This familiarity may act to de-emphasize the serious health experimental study article of tobacco consumption and increase youth perceptions of the prevalence of smoking, as well as their perceived access to tobacco products [ 8 ]. The presence of tobacco products in neighbourhood retail outlets conveys to young people that tobacco use is desirable, experimental study article, socially acceptable experimental study article prevalent in society [ 9 ], experimental study article.

In Victoria, Australia, point-of-sale tobacco advertising has been banned since Januaryand cigarette pack displays are limited to one pack face per brand variant. An observational study conducted following the implementation of this law found that, although compliance was evident, displays emerged that tilted packs towards the floor, providing maximum viewing of the top of all the packs queued in the display and a consequently greater visual and colourful presence for each brand variant [ 10 ].

The present study aims to examine the effect of cigarette packaging displays and advertising at the point-of-sale on students' smoking-related perceptions, beliefs and intentions. Given previous research, we hypothesized that exposure to retail tobacco advertising and cigarette pack displays at the point-of-sale would influence students' perceptions about ease of access to cigarettes, normative beliefs about smoking, perceived harms of smoking, perceived popularity of cigarette brands experimental study article future intentions to smoke.

Data collection took place in late and early from a convenience sample of ninth-grade students aged 14—15 years from five secondary schools in Victoria, Australia: two Catholic boys schools, a private co-educational school, a public co-educational school and a Catholic girls' school.

Three of the schools were located in areas that had above average level of socio-economic advantage for Victoria, while the other two schools were in areas that had below average level of socio-economic advantage [ 11 ]. Schools were approached by a research assistant to experimental study article willingness to have their students involved in the study.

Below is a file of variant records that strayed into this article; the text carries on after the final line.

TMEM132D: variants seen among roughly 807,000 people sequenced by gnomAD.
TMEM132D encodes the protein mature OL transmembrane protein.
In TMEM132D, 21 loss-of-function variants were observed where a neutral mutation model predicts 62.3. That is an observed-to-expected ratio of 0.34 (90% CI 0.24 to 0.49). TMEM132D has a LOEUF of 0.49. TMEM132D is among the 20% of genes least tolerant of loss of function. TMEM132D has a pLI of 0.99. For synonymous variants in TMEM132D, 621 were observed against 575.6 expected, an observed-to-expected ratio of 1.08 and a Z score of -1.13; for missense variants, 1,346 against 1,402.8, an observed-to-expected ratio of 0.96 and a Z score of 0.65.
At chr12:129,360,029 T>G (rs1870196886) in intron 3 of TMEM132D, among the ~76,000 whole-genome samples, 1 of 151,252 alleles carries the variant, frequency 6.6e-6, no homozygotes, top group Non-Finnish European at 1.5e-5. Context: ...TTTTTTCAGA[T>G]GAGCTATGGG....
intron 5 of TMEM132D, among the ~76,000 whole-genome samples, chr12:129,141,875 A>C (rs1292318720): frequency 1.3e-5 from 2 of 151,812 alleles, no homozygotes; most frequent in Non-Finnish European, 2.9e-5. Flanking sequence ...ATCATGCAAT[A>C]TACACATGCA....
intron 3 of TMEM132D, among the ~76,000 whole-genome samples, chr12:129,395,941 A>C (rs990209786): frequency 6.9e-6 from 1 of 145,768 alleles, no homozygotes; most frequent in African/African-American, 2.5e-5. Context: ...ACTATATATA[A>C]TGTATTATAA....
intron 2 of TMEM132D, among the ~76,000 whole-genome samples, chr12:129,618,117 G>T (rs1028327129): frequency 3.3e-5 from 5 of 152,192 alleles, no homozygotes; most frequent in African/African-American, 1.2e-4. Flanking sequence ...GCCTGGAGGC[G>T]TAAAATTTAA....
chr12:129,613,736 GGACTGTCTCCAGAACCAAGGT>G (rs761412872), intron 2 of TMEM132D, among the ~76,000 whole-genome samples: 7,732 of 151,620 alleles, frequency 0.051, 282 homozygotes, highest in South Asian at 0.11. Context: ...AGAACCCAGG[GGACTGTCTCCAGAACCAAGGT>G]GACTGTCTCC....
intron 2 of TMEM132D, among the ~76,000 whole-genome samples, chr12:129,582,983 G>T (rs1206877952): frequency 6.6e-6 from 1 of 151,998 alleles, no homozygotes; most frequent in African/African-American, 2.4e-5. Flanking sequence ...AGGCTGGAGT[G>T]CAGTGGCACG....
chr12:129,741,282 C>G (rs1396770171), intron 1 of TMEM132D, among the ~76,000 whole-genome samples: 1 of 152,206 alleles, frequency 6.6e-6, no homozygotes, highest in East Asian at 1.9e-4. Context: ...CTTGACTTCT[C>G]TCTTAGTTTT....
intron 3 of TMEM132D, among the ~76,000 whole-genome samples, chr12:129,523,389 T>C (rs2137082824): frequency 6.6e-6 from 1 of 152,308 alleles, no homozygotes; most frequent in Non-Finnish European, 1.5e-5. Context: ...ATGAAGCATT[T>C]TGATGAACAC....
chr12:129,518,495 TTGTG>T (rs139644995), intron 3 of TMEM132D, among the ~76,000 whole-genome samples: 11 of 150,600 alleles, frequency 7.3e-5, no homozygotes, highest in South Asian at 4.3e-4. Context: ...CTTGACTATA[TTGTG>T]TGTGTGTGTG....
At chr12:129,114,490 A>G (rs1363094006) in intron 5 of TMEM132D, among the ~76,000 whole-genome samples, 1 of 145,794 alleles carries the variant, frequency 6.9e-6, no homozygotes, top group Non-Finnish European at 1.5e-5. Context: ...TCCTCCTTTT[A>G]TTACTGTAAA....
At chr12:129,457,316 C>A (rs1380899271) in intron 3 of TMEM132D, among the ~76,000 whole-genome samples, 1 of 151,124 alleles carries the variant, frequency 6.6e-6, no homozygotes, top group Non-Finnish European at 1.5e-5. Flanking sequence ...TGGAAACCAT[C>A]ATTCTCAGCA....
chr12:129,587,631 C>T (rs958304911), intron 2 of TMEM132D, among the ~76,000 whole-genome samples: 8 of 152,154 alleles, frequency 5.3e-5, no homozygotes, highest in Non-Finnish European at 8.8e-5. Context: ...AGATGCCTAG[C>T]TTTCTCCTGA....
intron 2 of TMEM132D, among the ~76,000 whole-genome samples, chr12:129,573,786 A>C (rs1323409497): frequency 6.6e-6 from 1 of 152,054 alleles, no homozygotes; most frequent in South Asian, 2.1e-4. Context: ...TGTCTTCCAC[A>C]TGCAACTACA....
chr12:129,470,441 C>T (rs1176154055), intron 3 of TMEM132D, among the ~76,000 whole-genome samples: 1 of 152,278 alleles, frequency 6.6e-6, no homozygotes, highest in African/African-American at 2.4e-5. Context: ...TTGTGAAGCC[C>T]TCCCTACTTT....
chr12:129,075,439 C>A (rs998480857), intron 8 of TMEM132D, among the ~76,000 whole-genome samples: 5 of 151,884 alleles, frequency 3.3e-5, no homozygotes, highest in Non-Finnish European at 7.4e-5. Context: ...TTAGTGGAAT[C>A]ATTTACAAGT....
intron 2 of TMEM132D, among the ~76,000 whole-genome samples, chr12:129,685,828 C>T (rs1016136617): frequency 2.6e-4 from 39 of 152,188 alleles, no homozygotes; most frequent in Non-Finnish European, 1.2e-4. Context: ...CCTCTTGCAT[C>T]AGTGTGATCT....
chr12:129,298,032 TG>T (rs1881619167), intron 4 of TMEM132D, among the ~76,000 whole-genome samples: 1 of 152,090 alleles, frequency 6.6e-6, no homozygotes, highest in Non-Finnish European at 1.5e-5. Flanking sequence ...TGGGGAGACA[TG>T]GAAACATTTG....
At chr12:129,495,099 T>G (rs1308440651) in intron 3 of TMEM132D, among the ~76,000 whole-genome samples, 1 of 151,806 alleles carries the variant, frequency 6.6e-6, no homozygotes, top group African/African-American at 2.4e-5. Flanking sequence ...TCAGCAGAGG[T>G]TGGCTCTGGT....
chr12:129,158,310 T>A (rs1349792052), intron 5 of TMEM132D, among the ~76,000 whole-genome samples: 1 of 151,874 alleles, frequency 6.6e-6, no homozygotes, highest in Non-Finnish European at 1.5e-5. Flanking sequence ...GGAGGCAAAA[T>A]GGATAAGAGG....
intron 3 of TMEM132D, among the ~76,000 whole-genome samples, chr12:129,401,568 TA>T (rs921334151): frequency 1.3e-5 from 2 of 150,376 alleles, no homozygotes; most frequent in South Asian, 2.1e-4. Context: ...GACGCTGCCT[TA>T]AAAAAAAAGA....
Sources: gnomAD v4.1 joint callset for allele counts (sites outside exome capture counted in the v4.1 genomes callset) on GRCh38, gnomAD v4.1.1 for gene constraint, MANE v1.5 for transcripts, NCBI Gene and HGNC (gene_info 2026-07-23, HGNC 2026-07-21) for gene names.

Schools were informed that the study would be an investigation into product advertising in convenience stores, experimental study article. Specific detail about examining tobacco marketing was not disclosed, to avoid risk of priming student's responses. Information was sent home to students' parents, along with a consent form, to obtain parental permission to be involved in the study.

The between-subjects experimental study design was adapted from that developed by Henriksen et al, experimental study article.

Within each classroom, participants were randomly exposed to one of the three point-of-sale conditions under the guise of pre-testing a news story written for teenagers. A convenience store's point-of-sale area experimental study article a cigarette pack display, but no cigarette advertising as required by the current law in Victoria. Experimental study article colour photograph of a point-of-sale section of a convenience store was digitally altered to create the three versions of the same retail environment.

Adobe Photoshop was used to eliminate cigarette advertising and cigarette pack displays and to replace these with other non-tobacco product advertising or displays.

No retailers or customers were visible in the photographs and references to store names were removed. Trained research assistants visited schools to administer the study. Before the experimental manipulation, experimental study article, all students took part in a discussion designed to increase experimental study article salience of general brand advertising and display. Following the discussion of brand advertising, students within classrooms were randomly assigned to see photographs of one of the three conditions.